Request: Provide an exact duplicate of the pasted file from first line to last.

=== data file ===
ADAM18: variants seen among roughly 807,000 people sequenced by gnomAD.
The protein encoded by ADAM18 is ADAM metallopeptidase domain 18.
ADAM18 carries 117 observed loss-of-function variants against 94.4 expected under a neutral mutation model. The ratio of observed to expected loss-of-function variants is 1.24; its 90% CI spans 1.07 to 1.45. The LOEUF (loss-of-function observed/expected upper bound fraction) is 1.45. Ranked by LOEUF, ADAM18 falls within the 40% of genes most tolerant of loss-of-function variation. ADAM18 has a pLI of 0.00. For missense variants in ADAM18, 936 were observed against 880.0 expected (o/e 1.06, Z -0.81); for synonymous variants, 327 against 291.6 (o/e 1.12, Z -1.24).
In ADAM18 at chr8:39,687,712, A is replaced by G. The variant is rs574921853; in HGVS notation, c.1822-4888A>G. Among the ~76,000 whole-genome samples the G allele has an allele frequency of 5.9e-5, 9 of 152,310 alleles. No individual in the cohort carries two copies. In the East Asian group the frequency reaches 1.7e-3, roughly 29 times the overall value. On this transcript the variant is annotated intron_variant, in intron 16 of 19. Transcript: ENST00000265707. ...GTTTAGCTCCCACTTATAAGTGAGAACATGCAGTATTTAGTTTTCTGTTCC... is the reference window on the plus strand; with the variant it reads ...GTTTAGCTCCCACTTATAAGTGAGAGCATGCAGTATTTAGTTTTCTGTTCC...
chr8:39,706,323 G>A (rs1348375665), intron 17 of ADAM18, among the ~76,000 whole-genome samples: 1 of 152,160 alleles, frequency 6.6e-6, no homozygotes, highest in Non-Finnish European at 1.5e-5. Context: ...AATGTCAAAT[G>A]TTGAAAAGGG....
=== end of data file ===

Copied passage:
ADAM18: variants seen among roughly 807,000 people sequenced by gnomAD.
The protein encoded by ADAM18 is ADAM metallopeptidase domain 18.
ADAM18 carries 117 observed loss-of-function variants against 94.4 expected under a neutral mutation model. The ratio of observed to expected loss-of-function variants is 1.24; its 90% CI spans 1.07 to 1.45. The LOEUF (loss-of-function observed/expected upper bound fraction) is 1.45. Ranked by LOEUF, ADAM18 falls within the 40% of genes most tolerant of loss-of-function variation. ADAM18 has a pLI of 0.00. For missense variants in ADAM18, 936 were observed against 880.0 expected (o/e 1.06, Z -0.81); for synonymous variants, 327 against 291.6 (o/e 1.12, Z -1.24).
In ADAM18 at chr8:39,687,712, A is replaced by G. The variant is rs574921853; in HGVS notation, c.1822-4888A>G. Among the ~76,000 whole-genome samples the G allele has an allele frequency of 5.9e-5, 9 of 152,310 alleles. No individual in the cohort carries two copies. In the East Asian group the frequency reaches 1.7e-3, roughly 29 times the overall value. On this transcript the variant is annotated intron_variant, in intron 16 of 19. Transcript: ENST00000265707. ...GTTTAGCTCCCACTTATAAGTGAGAACATGCAGTATTTAGTTTTCTGTTCC... is the reference window on the plus strand; with the variant it reads ...GTTTAGCTCCCACTTATAAGTGAGAGCATGCAGTATTTAGTTTTCTGTTCC...
chr8:39,706,323 G>A (rs1348375665), intron 17 of ADAM18, among the ~76,000 whole-genome samples: 1 of 152,160 alleles, frequency 6.6e-6, no homozygotes, highest in Non-Finnish European at 1.5e-5. Context: ...AATGTCAAAT[G>A]TTGAAAAGGG....